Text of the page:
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Contact Energy fights back as customer exodus accelerates

Contact Energy fights back as customer exodus accelerates

by Pattrick Smellie

Aug 9 (BusinessDesk) – Contact Energy Ltd. has effectively slashed its electricity tariffs for prompt paying online customers after losing more than 8,000 customers in July.

The losses are the second month of record losses since the Electricity Authority began a campaign urging consumers to shop around for lower power prices.

“Naturally, we are concerned about these losses,” said Ruth Bound, Contact’s general manager, retail. The company had recently launched an unprecedented 22% discount for customers who receive their bills online and pay on time.

Contact lost 7,679 customers in June, the first month of the “What’s My Number?” campaign, and the pace accelerated last month, with a further 8,034 customers leaving for other retailers last month.

The only other electricity retailers to lose customers last month were Mercury Energy, which dropped 2,465 in what is believed to be a deliberate strategy to slim down its customer base, and TrustPower, which lost 448 customers.

Like Contact, TrustPower has traditionally had both the highest electricity prices in the market, and resisted taking on new customers at low tariffs during the last three years of increasing retail electricity market competition.

Contact’s total customer numbers stood at 456,023, a 13.6% drop since they peaked in September 2008 before self-inflicted brand damage began a slide that has barely halted since, and became a flood in the last two months.

The 22% “prompt payment discount” replaces the previous 12% discount, which was raised from 10% in an early response to the more competitive environment which began to emerge from late 2008. It excludes payments by credit cards, but is otherwise being automatically implemented automatically for all current online customers.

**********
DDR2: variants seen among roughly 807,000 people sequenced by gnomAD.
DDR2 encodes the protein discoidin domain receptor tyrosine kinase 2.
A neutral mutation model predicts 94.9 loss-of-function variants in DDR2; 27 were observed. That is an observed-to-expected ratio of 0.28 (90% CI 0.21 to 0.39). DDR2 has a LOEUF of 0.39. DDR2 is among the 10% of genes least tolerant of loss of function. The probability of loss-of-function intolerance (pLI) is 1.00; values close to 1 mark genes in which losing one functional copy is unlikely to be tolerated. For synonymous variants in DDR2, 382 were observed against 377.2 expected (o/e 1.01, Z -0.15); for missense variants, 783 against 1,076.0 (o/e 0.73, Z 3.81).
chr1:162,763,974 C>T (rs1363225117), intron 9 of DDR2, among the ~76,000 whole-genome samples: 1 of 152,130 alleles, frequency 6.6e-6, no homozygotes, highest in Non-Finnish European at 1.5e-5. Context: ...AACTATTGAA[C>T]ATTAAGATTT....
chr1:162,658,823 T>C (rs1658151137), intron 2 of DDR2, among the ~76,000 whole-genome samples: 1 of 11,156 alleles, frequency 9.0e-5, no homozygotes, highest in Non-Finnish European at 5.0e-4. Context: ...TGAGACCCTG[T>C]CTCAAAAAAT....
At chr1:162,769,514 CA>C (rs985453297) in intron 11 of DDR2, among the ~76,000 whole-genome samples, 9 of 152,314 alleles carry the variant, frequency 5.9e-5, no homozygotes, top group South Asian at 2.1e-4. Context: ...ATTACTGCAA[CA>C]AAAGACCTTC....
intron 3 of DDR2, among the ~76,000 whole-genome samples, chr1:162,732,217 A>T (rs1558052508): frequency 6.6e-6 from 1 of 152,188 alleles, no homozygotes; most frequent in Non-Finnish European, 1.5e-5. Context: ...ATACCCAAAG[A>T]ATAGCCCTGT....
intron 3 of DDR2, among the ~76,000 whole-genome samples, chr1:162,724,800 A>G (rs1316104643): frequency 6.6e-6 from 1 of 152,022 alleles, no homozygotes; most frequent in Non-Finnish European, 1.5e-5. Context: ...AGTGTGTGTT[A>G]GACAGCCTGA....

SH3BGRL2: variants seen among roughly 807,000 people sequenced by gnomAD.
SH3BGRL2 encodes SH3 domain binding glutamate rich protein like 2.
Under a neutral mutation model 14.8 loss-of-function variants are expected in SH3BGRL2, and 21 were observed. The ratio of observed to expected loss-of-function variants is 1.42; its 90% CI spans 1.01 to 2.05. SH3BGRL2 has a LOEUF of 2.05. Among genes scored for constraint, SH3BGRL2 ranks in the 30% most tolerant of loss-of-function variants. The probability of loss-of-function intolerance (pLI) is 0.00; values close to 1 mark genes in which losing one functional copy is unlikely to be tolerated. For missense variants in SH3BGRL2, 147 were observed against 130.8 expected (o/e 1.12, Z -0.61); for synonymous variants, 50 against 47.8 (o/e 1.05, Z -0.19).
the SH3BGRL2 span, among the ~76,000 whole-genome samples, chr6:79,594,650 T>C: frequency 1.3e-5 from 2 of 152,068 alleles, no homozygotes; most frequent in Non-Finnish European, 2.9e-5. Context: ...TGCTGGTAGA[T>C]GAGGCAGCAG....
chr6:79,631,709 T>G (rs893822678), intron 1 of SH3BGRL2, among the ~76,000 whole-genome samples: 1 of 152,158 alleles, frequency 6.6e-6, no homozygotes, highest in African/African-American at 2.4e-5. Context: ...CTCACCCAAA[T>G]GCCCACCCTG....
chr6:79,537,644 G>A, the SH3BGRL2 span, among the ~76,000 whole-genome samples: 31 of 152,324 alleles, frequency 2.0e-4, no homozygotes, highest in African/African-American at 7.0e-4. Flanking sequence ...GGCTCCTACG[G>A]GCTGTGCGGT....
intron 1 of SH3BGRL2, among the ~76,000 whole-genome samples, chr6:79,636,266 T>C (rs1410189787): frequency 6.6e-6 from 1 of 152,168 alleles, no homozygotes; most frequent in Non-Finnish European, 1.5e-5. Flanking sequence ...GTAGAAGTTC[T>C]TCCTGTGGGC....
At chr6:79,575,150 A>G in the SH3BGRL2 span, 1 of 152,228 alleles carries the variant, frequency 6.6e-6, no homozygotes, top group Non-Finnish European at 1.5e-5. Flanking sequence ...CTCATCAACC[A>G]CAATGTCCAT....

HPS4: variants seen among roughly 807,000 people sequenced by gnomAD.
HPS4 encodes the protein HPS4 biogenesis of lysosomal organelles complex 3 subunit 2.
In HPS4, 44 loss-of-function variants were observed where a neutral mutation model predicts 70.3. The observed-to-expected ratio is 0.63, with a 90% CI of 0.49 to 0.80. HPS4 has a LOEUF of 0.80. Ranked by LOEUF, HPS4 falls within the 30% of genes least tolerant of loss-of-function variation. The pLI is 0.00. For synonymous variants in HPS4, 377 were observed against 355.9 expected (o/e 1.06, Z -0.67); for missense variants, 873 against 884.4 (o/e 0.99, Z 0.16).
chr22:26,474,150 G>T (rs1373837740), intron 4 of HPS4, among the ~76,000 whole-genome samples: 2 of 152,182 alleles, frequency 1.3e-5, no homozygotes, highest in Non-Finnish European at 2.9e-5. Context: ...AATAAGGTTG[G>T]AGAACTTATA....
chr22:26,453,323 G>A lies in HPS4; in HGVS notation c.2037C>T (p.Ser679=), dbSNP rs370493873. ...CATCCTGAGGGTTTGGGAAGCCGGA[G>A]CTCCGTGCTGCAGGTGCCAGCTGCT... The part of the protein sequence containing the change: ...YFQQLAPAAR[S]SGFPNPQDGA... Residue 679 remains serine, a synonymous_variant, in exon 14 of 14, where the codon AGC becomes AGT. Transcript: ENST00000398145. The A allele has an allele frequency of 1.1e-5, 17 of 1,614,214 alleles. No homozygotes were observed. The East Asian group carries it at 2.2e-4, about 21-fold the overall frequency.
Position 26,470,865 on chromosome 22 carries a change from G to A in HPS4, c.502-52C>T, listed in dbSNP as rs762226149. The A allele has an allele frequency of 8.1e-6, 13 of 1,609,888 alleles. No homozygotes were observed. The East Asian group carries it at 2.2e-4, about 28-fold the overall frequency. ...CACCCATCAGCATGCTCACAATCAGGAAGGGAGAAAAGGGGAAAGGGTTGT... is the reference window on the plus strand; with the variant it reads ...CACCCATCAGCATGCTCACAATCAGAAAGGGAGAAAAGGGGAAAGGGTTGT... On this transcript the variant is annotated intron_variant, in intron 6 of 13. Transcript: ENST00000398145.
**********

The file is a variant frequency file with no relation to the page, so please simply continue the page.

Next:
“If you already meet the criteria, then you automatically get it,” said Bound.

“We think this is a discount that will reward customers and offer additional benefit for staying with Contact,” she said, but declined to comment specifically on whether Contact retained any profit margin on customers availing themselves of the new offer.

“We look at the integrated value chain through the organisation,” she told BusinessDesk. “This is an investment in retention and long term value so we are comfortable with the numbers we see.”

As both an electricity generator and retailer, Contact has long sought to “hedge” its generation output by matching it with known demand from a mix of industrial, commercial and residential customers.

However, Bound said Contact did not expect current switching levels would last “forever” and like the rest of the industy, the company expects electricity prices to rise as new wind, geothermal and other forms of generation will be more expensive than in the past.

“We aren’t walking away from where we think prices are going to go in the future,” said Bound. “Over time, prices will rise.”While it was early days, initial indications were that the 22% discount was helping to save customers who might otherwise be lured to competitors.

Checks with the Consumer’s Institute Powerswitch website, based on a family of five using only electricity (no gas or LPG), show in some regions that the new discount has pulled Contact into a competitive position against even online retailer PowerSwitch, which recently gained top spot in Consumer’s member poll of electricity retailers.

The biggest customer gains in July went to Meridian and its subsidiary Powershop, which between them added 4,261 customers, Genesis and its subsidiary Energy on Line, with a collective gain of 4,195, and Pulse Utilities, which added 1,352 customers.

(BusinessDesk) 11:19:34

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